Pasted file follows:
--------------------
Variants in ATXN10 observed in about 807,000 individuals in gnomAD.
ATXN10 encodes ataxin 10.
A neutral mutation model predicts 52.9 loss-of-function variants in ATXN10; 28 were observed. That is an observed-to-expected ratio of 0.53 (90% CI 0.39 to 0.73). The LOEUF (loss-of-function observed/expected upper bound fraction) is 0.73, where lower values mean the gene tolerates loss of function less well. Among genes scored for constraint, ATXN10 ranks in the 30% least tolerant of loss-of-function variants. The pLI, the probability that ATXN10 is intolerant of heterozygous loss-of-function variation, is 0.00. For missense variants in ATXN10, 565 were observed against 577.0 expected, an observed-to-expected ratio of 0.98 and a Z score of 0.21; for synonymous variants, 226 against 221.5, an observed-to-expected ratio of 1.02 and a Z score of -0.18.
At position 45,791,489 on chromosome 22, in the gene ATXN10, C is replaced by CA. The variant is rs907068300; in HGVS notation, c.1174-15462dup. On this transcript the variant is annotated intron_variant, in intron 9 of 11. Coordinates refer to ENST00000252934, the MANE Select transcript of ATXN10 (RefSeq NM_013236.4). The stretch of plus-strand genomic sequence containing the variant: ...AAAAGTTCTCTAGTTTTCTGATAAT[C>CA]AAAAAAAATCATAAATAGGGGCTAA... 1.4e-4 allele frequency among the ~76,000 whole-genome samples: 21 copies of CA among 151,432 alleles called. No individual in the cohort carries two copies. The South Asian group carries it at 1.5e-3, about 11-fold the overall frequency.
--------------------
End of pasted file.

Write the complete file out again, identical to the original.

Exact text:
Variants in ATXN10 observed in about 807,000 individuals in gnomAD.
ATXN10 encodes ataxin 10.
A neutral mutation model predicts 52.9 loss-of-function variants in ATXN10; 28 were observed. That is an observed-to-expected ratio of 0.53 (90% CI 0.39 to 0.73). The LOEUF (loss-of-function observed/expected upper bound fraction) is 0.73, where lower values mean the gene tolerates loss of function less well. Among genes scored for constraint, ATXN10 ranks in the 30% least tolerant of loss-of-function variants. The pLI, the probability that ATXN10 is intolerant of heterozygous loss-of-function variation, is 0.00. For missense variants in ATXN10, 565 were observed against 577.0 expected, an observed-to-expected ratio of 0.98 and a Z score of 0.21; for synonymous variants, 226 against 221.5, an observed-to-expected ratio of 1.02 and a Z score of -0.18.
At position 45,791,489 on chromosome 22, in the gene ATXN10, C is replaced by CA. The variant is rs907068300; in HGVS notation, c.1174-15462dup. On this transcript the variant is annotated intron_variant, in intron 9 of 11. Coordinates refer to ENST00000252934, the MANE Select transcript of ATXN10 (RefSeq NM_013236.4). The stretch of plus-strand genomic sequence containing the variant: ...AAAAGTTCTCTAGTTTTCTGATAAT[C>CA]AAAAAAAATCATAAATAGGGGCTAA... 1.4e-4 allele frequency among the ~76,000 whole-genome samples: 21 copies of CA among 151,432 alleles called. No individual in the cohort carries two copies. The South Asian group carries it at 1.5e-3, about 11-fold the overall frequency.